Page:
Simple, but nicely done. Pretty happy with the case. This is a good illustration as to why I don’t ever use plywood for these sorts of things. I like my fingers to “disappear”, plywoods – especially MDF core like PG – don’t fit my aesthetic.
To both @evansd2 & @mark14 - is the electronics side of this thing documented? I want to make one of these for my daughter. I’ve found a few on other marker-related sites. I looked thru the original post from '19 and did not see any references. I’m an EE and been soldering since the 80’s, but will pay a little more for a “canned” solution if necessary.
If you’re going to do it fully diy the way I did : You need an arduino nano clone. A real-time clock unit (I suggest a ds3231 based model), two momentary buttons, a 6+ v capacitor of 1000 microfarads capacity, one ~500 ohm and two 10k ohm resistors, a through-hole power jack and a strip of ws2812b addressable leds.
The specifics of which strip to buy were discussed in the previous thread, I use a 60 led/meter strip, others prefer denser strips to get more lights into the mix.
As for software I use the fastLED library, the code is fairly simple all around, there are libraries to interact with the clock unit too.
You will probably want to get a stripboard or proto board if you’re doing it as a one-off, soldering all the wires together is doable but bleh.
Lastly you need a 5v power supply with at least 1A, 2A would be better. I like to overspec my power supplies — the theoretical maximum draw of a rgb led is about 60 mA. This vertical clock uses 22 which means a total of about 1.3A. In practice I never light up all the lights at full power, so my actual draw is somewhere around 100 mA at most.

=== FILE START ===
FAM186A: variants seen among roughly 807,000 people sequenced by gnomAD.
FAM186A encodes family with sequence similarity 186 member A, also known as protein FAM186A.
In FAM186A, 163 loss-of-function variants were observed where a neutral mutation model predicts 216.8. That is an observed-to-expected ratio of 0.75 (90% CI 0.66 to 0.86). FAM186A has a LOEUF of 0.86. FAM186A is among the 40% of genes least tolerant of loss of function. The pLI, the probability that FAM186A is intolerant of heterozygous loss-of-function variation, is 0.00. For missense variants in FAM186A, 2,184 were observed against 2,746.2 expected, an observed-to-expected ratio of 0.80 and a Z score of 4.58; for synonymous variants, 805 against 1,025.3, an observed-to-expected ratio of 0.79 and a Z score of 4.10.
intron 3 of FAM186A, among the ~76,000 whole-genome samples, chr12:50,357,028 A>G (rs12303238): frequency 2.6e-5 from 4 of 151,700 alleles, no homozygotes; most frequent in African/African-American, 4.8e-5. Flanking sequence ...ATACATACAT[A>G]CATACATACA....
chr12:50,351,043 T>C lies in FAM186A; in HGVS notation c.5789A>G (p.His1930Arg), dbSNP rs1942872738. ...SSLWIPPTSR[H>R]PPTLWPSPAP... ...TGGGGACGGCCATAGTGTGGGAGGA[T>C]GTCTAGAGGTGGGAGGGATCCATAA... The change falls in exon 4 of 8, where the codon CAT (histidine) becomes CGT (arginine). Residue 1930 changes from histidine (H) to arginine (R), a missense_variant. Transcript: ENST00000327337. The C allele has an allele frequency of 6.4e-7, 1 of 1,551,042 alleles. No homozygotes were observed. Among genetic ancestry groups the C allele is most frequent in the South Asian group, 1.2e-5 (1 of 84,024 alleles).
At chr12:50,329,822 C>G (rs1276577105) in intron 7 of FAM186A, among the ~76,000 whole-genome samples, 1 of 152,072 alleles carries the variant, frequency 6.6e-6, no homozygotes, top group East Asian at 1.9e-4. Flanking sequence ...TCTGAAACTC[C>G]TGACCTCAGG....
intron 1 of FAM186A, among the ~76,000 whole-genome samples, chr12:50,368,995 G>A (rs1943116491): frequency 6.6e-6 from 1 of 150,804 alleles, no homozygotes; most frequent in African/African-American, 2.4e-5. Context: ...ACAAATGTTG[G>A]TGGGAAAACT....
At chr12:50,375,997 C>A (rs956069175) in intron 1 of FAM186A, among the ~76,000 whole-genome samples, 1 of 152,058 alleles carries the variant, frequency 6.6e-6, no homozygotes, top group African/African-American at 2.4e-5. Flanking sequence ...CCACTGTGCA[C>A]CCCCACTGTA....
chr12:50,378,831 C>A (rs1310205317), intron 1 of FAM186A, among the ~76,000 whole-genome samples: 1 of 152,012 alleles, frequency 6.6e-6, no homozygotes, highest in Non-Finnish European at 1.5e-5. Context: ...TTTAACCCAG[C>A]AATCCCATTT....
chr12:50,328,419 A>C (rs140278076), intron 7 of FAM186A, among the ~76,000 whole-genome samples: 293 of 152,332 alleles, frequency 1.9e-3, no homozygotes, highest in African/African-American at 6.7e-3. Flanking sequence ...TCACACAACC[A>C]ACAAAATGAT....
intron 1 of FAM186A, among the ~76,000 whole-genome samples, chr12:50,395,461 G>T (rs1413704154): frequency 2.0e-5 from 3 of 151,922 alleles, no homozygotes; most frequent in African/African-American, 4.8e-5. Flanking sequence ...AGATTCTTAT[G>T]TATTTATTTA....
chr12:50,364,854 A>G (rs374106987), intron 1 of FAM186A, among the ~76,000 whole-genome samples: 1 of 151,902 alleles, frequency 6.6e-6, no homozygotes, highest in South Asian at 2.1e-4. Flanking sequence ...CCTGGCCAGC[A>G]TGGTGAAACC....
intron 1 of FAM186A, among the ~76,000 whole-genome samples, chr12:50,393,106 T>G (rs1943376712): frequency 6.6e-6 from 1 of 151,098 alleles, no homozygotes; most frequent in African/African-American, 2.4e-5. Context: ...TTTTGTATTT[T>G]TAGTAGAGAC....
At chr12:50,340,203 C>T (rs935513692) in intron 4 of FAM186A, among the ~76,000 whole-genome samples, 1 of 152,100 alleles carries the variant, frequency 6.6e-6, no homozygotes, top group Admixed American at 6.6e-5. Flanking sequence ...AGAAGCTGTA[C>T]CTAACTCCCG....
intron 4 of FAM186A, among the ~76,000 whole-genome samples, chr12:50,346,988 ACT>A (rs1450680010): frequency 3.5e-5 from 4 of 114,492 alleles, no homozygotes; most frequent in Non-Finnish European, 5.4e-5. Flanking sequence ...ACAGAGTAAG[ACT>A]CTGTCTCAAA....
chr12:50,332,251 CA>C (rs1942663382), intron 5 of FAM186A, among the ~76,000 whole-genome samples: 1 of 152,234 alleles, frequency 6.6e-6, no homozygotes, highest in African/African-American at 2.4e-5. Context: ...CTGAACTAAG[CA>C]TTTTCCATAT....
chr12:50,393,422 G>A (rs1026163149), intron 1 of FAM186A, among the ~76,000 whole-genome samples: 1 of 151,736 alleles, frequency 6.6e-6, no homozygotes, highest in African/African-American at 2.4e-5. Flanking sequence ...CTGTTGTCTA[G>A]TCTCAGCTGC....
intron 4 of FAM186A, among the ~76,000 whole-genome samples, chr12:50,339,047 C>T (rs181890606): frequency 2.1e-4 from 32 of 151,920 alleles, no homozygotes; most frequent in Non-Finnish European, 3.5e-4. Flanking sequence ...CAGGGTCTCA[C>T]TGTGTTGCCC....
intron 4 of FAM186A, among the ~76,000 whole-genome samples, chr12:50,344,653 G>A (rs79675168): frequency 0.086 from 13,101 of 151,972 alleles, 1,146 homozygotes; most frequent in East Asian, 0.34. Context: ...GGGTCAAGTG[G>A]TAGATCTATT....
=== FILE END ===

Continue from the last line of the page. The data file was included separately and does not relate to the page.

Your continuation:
You’d need to scale your power needs up depending on your led strip density and overall clock design, but 2A has a lot of slack.
As for where to buy this stuff… kind of up to you. Amazon, mostly. Aliexpress is also not a bad option for components.
I appreciate all the time you take to make your finished projects so special. The attention to detail is what really makes them super special. Thanks for sharing and giving me (us) some incentive to slow down and make a quality item.
i have not documented my own but I vaguely recall being inspired by an adafruit blog way back when I built my first square one (not edge lit). The code for all my clocks is similar with the difference being the map for translating time to led positions. At some point I move away from neopixel based code to fast led (i.e. I have mutated away from where I started).
I headed over there and found more documentation on than you would probably want. I did not recognize the original blog that got me started but they all seem in the hood.
I have found that most of the edge lit clocks suffer readability issues in brightly lit rooms. To improve on that, I have been using RGBW strips (with the extra white channel) and lighting up the time with the brightest white i cam muster and using a variety of far less bright background colors for the balance of the words. More often than not, I use the background color to tell the minutes. purple = +0, blue = +1, green = +2, yellow = +3, red = +4. I also toss in an animation every hour and half hour for fun.
There is also this. does not use a rtc. Rather it gets the time from a server.
This design seems to have a lot of light bleed from the intended words to adjacent words. A person with a laser cutter could find a way to get more separation by skipping leds and adding a mask that isolated each " leg".